Your revelation that NASA, as well as the Joint Spectrum Center, will be assisting you in determining the electromagnetic environment outside and inside the plane is also very reassuring, especially since their work (the 1994 NASA study by Martin Shooman of the effect of HIRFs on civilian planes; the present research you cite on Boeing 757s) places them in the position of having intricate information about outcomes that occur in actual flight.

Although both laboratory data and actual field data will make crucial contributions to our understanding, the inadequacy of the first to predict the second has repeatedly been stressed in the scientific and military literature. A leading Air Force scientist, Carl Baum (quoted in my article at length on pages 64-65 of the April 9 New York Review), refers to the laboratory test as an “electromagnetic hammer” that in its crudity cannot adequately reveal the complexity of what happens in real flight. This point is also stressed by pilots who are quoted in the public record as saying they are put in jeopardy by flying through airspace whose electromagnetic complexity has not been duplicated in the laboratory. Both NASA and the Joint Spectrum Center should be able to bring forward concrete information about the actual environment.


One key source—to me the most potentially important of all—has so far not been included in your description of the research now being undertaken: the men and women who were on the ten or more military craft in the area. Nothing can substitute for the information they can provide, especially in view of the important part—noted above—of realistic physical evidence in analyzing the complexities of electromagnetic interaction. The eyes and ears of the country’s defense are greatly assisted by the powerful radars and sonars; but our final security resides in the observations of living persons. Over the past two years, press accounts of the accident have remarked on the absence of information about the accident from the country’s powerful (and astonishingly expensive) ground, ship, air, and satellite monitors. But, so far as we have been told, the most acute and trustworthy sensing equipment of all has not been consulted. If the men and women who were present on the various aircraft, ships, and military installations in the area have been invited to give concrete, minute-by-minute information about the precise equipment that was turned on and turned off, the public has not been informed about it.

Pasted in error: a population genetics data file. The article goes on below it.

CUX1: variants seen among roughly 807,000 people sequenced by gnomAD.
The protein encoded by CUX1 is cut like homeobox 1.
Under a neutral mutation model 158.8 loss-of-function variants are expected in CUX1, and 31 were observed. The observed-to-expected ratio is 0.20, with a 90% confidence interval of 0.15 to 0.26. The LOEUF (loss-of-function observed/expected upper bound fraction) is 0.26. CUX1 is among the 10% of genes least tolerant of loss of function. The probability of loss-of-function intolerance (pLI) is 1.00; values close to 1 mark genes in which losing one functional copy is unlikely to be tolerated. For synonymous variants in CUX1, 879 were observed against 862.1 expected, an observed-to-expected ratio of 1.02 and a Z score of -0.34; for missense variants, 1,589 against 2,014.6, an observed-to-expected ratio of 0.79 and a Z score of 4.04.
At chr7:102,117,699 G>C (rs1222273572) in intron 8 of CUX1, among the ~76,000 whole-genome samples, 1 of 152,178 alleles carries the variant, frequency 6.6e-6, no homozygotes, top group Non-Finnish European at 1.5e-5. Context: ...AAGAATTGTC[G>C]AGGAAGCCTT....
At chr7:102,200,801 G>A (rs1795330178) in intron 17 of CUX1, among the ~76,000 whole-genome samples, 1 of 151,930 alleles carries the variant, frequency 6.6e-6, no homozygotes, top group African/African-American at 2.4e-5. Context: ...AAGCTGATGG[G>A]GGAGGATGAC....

I understand that reasons of state can sometimes mean that information must be withheld. But surely the fall of a civilian aircraft resulting in 230 deaths presents us with a reason of state of the highest order. Without concrete information from the men and women who were present, I cannot understand how the NTSB, JSC, and NASA can evaluate the precise electromagnetic environment; and without that evaluation, there is no way to know whether or not High Intensity Radiated Fields caused the catastrophe.

If I may make a suggestion, it would be that there should be—if there is not already—a person or persons inside the Safety Board specifically designated to assess High Intensity Radiated Fields as a potential cause. It is of course crucial that other experts would subject any seemingly positive evidence about HIRFs to rigorous testing. But just as the positive arguments and evidence need to be tested, so, too, do the negative arguments and evidence. Having both positive and negative views represented would increase the chance that the truth will eventually be arrived at, whatever that truth may be. If you have not already done so, I hope you might consider inviting into the formal inquiry some of the scientists or military persons (in addition to members of the JSC) who have dealt directly with HIRF inquiries, such as Colonel Charles Quisenberry, whose Air Force study is now in your possession, and Martin Shooman, whose research for NASA on civilian planes gives us important information on this subject.

I appreciate your generosity in taking time to write to me and am honored to be in conversation with you.
Sincerely yours,

Elaine Scarry

This Issue

August 13, 1998